I need your help. There is too much confusion in the small projection space over definitions of various platforms. I am asking you to give us your opinion on how we should segment and name these products.
Senior Analyst and Editor
for Insight Media
Here are some of the confusing terms I am talking about: pico-projector, nano-projector, pocket projector, handheld projector, ultra-mobile projector, integrated projector, embedded projector, companion projector, toy projector and low cost projector. Are these all the same thing? How are they different? If different, how do we define the differences?
There are a few ways to approach the problem. One is to segment products by lumen output. Does it make sense to have categories like 5-15 lumens, 15-25 lumens, 25-100 lumens and 100-300 lumens? The problem with this is that it says nothing about the technology, size, platform or cost.
Does it make more sense to segment by the illumination technology: LED, laser or some of the new low wattage arc-lamp sources? Maybe, but each of these technologies can offer a range of light outputs. In addition, there are already hybrid projectors that use lasers and LEDs in the same platform.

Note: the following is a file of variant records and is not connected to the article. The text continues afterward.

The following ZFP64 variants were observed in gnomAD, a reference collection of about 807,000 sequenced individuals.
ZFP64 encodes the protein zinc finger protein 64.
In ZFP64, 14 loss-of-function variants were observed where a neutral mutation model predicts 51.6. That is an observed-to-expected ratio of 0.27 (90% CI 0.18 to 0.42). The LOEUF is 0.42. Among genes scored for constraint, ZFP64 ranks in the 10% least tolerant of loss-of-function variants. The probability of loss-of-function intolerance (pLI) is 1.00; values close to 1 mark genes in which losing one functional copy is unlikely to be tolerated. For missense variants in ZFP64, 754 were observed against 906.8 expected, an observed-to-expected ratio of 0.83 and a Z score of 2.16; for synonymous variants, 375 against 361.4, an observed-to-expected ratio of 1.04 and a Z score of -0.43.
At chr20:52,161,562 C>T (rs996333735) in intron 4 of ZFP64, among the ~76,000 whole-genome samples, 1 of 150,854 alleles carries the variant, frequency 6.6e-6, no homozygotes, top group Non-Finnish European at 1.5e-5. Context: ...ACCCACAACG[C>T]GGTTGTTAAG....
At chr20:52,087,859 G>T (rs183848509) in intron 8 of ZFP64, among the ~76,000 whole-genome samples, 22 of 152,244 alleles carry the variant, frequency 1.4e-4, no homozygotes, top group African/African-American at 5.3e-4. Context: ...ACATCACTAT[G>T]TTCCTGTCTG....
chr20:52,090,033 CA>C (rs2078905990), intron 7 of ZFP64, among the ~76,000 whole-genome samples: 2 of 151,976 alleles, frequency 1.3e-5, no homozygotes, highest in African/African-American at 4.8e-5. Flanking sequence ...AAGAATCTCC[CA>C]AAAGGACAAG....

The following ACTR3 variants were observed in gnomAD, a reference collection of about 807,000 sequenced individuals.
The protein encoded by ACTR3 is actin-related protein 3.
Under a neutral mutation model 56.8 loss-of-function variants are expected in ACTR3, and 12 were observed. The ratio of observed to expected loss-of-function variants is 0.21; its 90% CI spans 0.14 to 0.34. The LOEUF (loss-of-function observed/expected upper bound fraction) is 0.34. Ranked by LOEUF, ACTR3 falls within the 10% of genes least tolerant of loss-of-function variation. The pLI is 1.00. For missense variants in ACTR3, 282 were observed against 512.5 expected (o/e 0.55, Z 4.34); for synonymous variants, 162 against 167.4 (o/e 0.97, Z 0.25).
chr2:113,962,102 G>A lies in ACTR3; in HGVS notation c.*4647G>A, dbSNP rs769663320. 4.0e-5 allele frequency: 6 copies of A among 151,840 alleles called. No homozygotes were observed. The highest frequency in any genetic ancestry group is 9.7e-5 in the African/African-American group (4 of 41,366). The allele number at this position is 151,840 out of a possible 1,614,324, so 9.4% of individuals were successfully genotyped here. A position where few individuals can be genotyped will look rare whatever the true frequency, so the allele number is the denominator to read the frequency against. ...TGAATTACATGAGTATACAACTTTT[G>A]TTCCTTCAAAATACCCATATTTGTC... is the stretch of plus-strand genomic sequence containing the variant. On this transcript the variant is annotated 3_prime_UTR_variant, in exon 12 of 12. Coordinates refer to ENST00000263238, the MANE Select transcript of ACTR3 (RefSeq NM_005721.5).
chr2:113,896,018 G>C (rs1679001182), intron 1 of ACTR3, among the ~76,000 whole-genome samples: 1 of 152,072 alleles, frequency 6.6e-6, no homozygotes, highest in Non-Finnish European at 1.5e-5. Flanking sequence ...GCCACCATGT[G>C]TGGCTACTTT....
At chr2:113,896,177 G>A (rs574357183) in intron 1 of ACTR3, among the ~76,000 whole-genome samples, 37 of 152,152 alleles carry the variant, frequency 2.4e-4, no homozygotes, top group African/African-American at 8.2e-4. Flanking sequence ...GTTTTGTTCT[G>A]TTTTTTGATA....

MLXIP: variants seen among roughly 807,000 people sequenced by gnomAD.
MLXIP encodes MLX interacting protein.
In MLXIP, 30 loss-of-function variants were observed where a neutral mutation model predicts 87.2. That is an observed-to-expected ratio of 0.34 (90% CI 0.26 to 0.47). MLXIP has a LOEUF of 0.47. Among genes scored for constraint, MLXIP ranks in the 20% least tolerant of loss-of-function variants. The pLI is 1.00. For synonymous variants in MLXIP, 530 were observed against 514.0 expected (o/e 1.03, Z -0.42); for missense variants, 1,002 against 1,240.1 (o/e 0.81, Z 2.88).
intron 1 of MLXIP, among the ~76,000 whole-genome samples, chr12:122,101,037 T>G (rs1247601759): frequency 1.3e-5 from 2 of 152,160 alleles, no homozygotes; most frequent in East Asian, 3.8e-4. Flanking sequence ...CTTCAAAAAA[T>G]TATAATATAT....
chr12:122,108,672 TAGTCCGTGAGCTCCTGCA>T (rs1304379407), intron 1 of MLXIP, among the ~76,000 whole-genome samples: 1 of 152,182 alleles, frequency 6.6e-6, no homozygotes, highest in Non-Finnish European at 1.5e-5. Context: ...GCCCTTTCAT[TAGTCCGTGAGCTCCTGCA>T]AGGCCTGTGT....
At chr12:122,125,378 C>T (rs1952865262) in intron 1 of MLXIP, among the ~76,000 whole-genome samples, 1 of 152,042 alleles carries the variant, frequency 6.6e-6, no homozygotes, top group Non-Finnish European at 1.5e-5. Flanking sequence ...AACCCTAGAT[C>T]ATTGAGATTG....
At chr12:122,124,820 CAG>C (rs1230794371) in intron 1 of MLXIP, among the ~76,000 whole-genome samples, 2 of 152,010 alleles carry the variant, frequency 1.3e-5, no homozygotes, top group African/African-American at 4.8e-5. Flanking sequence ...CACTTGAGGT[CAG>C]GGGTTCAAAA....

How about by size or volume? This may be a good way to separate the embedded from the stand-alone products, but you can just use those words, too.
How about by cost? There are low cost projectors coming to the market that will compete on price with laser and LED-based platforms, but they will offer different trade-offs in terms of image performance and size. Maybe we should just pick a price level below which any projection product is defined as "low cost." This level will need to be adjusted each year, however.
We can define them by applications perhaps. A toy projector would signify low cost, compromised image quality and a consumer use aimed at kids and maybe families. A companion projector is something designed as an accessory for products like cell phones, video iPods, DVD players, etc.
We might also want to consider the energy use of the projector. Embedded and low-lumen companion projectors will most likely be optimized for low energy use as they will need to function on compact batteries. A pocket projector can work on batteries, but this significantly increases the size and weight of the system, so it is clearly much less portable. If used by a road warrior in an office setting, it will more likely be plugged in, but if used by a teenager to show a movie in the bedroom, maybe it won’t be plugged in. So what is it - a quasi-portable?
Below is a table of some suggestions about how to segment these new types of front projectors. Tell us what you think of this segmentation and how this might be adjusted to better suite the evolution of products in these new areas.